Western lowland gorillas are covered with black or brown-gray fur with black skin on chests, palms, and faces. Red heads are common in Camaroon gorillas especially. Males develop a silver back as they mature this is not unlike the tendency for many human males to develop gray hair as they mature as well. The main difference being that only Gorilla males develop silver backs whereas in humans both males and females alike tend to lose their hair coloring with age.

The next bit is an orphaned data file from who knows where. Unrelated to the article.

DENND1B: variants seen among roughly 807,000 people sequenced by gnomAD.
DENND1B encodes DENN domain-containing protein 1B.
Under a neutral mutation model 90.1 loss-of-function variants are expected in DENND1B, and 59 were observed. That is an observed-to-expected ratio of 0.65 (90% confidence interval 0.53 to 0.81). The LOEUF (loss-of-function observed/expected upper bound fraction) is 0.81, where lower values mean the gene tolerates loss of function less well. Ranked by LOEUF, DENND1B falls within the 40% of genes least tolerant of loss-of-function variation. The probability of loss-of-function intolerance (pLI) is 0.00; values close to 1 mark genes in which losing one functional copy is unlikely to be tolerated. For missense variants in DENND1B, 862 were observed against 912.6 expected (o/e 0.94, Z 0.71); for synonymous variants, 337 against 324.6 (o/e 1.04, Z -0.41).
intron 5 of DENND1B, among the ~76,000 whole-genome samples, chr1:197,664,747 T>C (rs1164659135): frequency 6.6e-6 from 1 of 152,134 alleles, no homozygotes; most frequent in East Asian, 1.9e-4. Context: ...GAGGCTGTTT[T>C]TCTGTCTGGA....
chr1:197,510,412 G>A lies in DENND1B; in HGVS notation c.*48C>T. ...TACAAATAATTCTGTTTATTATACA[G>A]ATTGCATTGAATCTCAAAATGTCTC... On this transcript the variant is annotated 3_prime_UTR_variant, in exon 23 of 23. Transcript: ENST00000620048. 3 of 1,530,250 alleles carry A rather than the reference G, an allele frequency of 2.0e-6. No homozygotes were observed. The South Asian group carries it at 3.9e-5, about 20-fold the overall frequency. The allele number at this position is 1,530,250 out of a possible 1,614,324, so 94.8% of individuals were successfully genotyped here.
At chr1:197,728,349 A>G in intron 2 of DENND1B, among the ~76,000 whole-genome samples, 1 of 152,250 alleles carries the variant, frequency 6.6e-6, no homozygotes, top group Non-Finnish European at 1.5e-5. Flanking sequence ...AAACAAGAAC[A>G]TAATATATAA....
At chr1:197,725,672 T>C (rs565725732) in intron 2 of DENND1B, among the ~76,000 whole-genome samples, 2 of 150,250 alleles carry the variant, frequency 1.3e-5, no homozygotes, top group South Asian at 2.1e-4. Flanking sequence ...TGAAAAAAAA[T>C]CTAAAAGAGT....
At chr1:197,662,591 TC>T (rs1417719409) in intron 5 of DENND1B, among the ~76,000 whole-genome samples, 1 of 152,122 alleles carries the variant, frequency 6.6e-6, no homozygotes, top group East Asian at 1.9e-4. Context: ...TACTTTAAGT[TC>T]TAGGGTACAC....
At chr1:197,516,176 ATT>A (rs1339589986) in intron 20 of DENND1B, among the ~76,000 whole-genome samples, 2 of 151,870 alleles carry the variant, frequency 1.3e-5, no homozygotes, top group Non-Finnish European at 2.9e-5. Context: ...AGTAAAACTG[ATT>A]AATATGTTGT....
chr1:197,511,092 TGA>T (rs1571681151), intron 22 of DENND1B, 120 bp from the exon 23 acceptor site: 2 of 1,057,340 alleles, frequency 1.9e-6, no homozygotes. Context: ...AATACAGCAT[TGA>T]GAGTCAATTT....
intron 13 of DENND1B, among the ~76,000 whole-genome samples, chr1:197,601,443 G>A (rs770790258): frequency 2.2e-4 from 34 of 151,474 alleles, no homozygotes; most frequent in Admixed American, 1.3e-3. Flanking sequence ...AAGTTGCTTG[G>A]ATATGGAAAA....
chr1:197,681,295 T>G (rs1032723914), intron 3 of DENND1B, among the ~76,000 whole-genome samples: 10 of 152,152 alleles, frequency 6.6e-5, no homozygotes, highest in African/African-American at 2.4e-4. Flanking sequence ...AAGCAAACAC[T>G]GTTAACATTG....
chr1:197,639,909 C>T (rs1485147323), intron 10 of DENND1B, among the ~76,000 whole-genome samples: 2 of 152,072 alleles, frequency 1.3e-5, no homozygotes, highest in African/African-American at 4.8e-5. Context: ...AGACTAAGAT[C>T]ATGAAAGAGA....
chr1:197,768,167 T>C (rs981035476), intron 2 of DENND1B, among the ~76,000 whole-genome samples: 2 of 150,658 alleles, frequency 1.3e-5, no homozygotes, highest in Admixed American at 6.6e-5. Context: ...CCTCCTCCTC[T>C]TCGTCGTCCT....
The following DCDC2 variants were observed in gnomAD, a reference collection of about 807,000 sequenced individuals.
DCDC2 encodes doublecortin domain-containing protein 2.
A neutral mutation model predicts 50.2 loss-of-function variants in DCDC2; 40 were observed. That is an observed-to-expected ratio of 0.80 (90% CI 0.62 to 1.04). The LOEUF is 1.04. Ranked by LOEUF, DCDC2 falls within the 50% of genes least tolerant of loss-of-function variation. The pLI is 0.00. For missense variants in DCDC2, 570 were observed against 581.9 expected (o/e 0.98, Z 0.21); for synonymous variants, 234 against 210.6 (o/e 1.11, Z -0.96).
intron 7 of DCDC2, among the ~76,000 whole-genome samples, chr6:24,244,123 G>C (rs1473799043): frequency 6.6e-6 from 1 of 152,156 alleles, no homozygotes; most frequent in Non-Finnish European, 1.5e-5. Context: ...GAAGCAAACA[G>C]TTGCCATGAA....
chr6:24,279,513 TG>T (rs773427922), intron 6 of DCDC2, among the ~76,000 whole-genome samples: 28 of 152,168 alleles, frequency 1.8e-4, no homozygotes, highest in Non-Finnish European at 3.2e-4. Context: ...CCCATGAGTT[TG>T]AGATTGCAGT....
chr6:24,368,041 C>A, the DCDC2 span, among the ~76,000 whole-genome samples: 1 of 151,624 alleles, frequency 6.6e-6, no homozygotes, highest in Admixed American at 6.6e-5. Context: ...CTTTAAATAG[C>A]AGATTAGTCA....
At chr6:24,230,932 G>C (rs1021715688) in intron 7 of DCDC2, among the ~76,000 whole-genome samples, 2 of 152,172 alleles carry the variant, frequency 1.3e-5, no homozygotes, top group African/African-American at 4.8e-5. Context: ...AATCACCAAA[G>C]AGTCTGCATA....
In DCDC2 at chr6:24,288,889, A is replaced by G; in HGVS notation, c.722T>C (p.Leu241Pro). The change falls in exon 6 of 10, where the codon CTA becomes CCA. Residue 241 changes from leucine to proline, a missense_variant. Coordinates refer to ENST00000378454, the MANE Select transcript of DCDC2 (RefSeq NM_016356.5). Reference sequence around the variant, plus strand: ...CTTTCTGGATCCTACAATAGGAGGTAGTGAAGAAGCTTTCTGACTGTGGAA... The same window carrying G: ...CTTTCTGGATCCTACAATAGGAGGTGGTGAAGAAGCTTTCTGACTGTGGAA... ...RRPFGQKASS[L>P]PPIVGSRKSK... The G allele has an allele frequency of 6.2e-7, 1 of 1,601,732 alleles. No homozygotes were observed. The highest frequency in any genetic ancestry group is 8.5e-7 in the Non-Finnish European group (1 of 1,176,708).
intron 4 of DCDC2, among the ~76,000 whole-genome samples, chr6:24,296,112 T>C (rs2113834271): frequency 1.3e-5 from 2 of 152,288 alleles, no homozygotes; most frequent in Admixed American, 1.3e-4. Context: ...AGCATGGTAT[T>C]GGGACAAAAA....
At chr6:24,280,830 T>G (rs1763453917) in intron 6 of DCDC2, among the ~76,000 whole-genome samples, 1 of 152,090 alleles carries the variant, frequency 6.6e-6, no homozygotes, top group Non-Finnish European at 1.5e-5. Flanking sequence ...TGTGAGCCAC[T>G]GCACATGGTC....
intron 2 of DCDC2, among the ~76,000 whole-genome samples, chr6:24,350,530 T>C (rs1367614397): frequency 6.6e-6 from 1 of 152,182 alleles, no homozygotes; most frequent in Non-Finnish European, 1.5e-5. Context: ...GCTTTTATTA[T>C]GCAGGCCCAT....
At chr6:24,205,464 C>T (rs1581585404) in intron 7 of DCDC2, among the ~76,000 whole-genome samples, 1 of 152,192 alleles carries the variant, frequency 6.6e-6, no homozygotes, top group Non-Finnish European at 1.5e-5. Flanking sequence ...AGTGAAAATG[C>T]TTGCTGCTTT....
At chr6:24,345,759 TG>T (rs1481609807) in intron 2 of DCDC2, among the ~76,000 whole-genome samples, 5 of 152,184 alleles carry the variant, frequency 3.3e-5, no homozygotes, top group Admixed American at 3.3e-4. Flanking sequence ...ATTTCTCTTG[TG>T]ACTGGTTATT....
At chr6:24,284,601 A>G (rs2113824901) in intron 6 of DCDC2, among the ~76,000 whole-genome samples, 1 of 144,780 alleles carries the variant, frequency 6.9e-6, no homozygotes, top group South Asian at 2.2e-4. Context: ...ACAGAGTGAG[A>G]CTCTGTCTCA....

Unlike humans, which are bipedal, walking on two legs, Gorillas are quadrupedal, they walk on all fours with the soles of their feet flat on the ground with the knuckles of the hands curled and planted on the ground (Schaller, 1963). Although they are mainly quadrupedal, gorillas can travel bipedally but generally no farther than approximately six meters (Schaller, 1963). This upright stance is used most often used for chest beating, to observe something of interest, or to reach an object (Schaller, 1963). Gorillas recognize each other by their faces and body shapes. Each gorilla has a unique nose print which researchers can use to identify animals in the field (Schaller, 1963). This is very much like humans who recognize each other almost exclusively by visual identification of the facial features. Gorillas sleep about 13 hours each night and rest for several hours at midday. They build new sleeping nests every night by bending nearby plants into a springy platform, usually on the ground or in low trees. When not resting, they spend most of their time looking for food and eating it. Despite their fearsome size (three hundred to five hundred pounds for males and one hundred fifty to two hundred fifty pounds for females) and large canine teeth the western lowland gorilla is an herbivore. They consume over two hundred types of leaves, tubers, flowers, and fruit, supplemented with fungus and some types of insects. Gorillas do not drink water. They obtain all the moisture they need from the vast amounts of foliage they consume. Males consume approximately fifty pounds of vegetation a day (Elizabeth, 1990). This is very different from the omnivorous diet of the human species, which has often been observed stalking and killing a Big Mac. All joking aside though, a humans daily diet contains considerably more protein than a Gorilla might consume in a week or more (Elizabeth, 1990).